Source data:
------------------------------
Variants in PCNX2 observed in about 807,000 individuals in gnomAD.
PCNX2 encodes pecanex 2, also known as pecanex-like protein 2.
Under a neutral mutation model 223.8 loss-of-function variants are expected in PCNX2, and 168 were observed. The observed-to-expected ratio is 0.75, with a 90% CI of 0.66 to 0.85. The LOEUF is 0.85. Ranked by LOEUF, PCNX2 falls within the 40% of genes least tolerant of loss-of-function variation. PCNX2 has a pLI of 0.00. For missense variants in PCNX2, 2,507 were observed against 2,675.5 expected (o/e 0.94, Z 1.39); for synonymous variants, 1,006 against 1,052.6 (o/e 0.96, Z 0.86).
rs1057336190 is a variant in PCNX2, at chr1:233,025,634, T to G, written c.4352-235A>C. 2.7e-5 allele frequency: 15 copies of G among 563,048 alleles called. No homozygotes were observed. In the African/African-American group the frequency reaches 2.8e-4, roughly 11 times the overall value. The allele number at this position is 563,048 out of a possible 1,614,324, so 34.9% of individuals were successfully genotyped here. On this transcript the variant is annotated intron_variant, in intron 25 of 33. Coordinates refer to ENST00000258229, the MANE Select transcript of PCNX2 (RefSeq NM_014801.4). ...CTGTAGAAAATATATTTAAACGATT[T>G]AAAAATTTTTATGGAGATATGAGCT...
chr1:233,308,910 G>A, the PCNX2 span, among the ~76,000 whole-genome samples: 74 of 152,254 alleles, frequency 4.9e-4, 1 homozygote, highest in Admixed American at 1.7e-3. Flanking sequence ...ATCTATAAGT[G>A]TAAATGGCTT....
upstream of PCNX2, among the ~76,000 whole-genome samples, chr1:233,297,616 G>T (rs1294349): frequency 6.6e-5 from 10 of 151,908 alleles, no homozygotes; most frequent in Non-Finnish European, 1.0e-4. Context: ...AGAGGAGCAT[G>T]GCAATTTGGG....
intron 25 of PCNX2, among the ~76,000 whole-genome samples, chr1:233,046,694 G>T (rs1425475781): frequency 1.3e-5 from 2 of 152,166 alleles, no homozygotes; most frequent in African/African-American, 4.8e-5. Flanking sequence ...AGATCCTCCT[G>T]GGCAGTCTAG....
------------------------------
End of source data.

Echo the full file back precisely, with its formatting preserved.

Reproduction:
Variants in PCNX2 observed in about 807,000 individuals in gnomAD.
PCNX2 encodes pecanex 2, also known as pecanex-like protein 2.
Under a neutral mutation model 223.8 loss-of-function variants are expected in PCNX2, and 168 were observed. The observed-to-expected ratio is 0.75, with a 90% CI of 0.66 to 0.85. The LOEUF is 0.85. Ranked by LOEUF, PCNX2 falls within the 40% of genes least tolerant of loss-of-function variation. PCNX2 has a pLI of 0.00. For missense variants in PCNX2, 2,507 were observed against 2,675.5 expected (o/e 0.94, Z 1.39); for synonymous variants, 1,006 against 1,052.6 (o/e 0.96, Z 0.86).
rs1057336190 is a variant in PCNX2, at chr1:233,025,634, T to G, written c.4352-235A>C. 2.7e-5 allele frequency: 15 copies of G among 563,048 alleles called. No homozygotes were observed. In the African/African-American group the frequency reaches 2.8e-4, roughly 11 times the overall value. The allele number at this position is 563,048 out of a possible 1,614,324, so 34.9% of individuals were successfully genotyped here. On this transcript the variant is annotated intron_variant, in intron 25 of 33. Coordinates refer to ENST00000258229, the MANE Select transcript of PCNX2 (RefSeq NM_014801.4). ...CTGTAGAAAATATATTTAAACGATT[T>G]AAAAATTTTTATGGAGATATGAGCT...
chr1:233,308,910 G>A, the PCNX2 span, among the ~76,000 whole-genome samples: 74 of 152,254 alleles, frequency 4.9e-4, 1 homozygote, highest in Admixed American at 1.7e-3. Flanking sequence ...ATCTATAAGT[G>A]TAAATGGCTT....
upstream of PCNX2, among the ~76,000 whole-genome samples, chr1:233,297,616 G>T (rs1294349): frequency 6.6e-5 from 10 of 151,908 alleles, no homozygotes; most frequent in Non-Finnish European, 1.0e-4. Context: ...AGAGGAGCAT[G>T]GCAATTTGGG....
intron 25 of PCNX2, among the ~76,000 whole-genome samples, chr1:233,046,694 G>T (rs1425475781): frequency 1.3e-5 from 2 of 152,166 alleles, no homozygotes; most frequent in African/African-American, 4.8e-5. Flanking sequence ...AGATCCTCCT[G>T]GGCAGTCTAG....